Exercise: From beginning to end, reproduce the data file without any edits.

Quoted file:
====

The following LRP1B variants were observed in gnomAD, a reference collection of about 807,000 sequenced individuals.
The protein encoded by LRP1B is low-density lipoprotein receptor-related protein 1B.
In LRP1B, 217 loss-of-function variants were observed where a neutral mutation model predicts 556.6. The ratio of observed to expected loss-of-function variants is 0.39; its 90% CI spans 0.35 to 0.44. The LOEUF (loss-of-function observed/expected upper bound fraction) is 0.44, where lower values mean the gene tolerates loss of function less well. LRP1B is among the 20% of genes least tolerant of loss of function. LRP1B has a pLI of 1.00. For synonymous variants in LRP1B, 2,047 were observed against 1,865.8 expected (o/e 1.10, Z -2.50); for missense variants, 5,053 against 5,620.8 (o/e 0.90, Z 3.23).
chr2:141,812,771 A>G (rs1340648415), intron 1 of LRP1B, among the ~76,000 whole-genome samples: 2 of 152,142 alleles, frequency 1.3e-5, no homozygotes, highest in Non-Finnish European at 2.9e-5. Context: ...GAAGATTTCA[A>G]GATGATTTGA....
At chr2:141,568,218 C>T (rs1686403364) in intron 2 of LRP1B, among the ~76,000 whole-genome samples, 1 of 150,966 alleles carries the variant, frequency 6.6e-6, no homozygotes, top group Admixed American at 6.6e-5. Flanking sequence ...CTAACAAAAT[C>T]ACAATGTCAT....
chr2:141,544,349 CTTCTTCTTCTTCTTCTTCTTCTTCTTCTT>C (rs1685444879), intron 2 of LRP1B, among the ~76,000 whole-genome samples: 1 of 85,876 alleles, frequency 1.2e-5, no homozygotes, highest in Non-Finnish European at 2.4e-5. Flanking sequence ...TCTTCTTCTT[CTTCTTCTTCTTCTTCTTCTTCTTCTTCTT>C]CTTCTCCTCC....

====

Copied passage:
The following LRP1B variants were observed in gnomAD, a reference collection of about 807,000 sequenced individuals.
The protein encoded by LRP1B is low-density lipoprotein receptor-related protein 1B.
In LRP1B, 217 loss-of-function variants were observed where a neutral mutation model predicts 556.6. The ratio of observed to expected loss-of-function variants is 0.39; its 90% CI spans 0.35 to 0.44. The LOEUF (loss-of-function observed/expected upper bound fraction) is 0.44, where lower values mean the gene tolerates loss of function less well. LRP1B is among the 20% of genes least tolerant of loss of function. LRP1B has a pLI of 1.00. For synonymous variants in LRP1B, 2,047 were observed against 1,865.8 expected (o/e 1.10, Z -2.50); for missense variants, 5,053 against 5,620.8 (o/e 0.90, Z 3.23).
chr2:141,812,771 A>G (rs1340648415), intron 1 of LRP1B, among the ~76,000 whole-genome samples: 2 of 152,142 alleles, frequency 1.3e-5, no homozygotes, highest in Non-Finnish European at 2.9e-5. Context: ...GAAGATTTCA[A>G]GATGATTTGA....
At chr2:141,568,218 C>T (rs1686403364) in intron 2 of LRP1B, among the ~76,000 whole-genome samples, 1 of 150,966 alleles carries the variant, frequency 6.6e-6, no homozygotes, top group Admixed American at 6.6e-5. Flanking sequence ...CTAACAAAAT[C>T]ACAATGTCAT....
chr2:141,544,349 CTTCTTCTTCTTCTTCTTCTTCTTCTTCTT>C (rs1685444879), intron 2 of LRP1B, among the ~76,000 whole-genome samples: 1 of 85,876 alleles, frequency 1.2e-5, no homozygotes, highest in Non-Finnish European at 2.4e-5. Flanking sequence ...TCTTCTTCTT[CTTCTTCTTCTTCTTCTTCTTCTTCTTCTT>C]CTTCTCCTCC....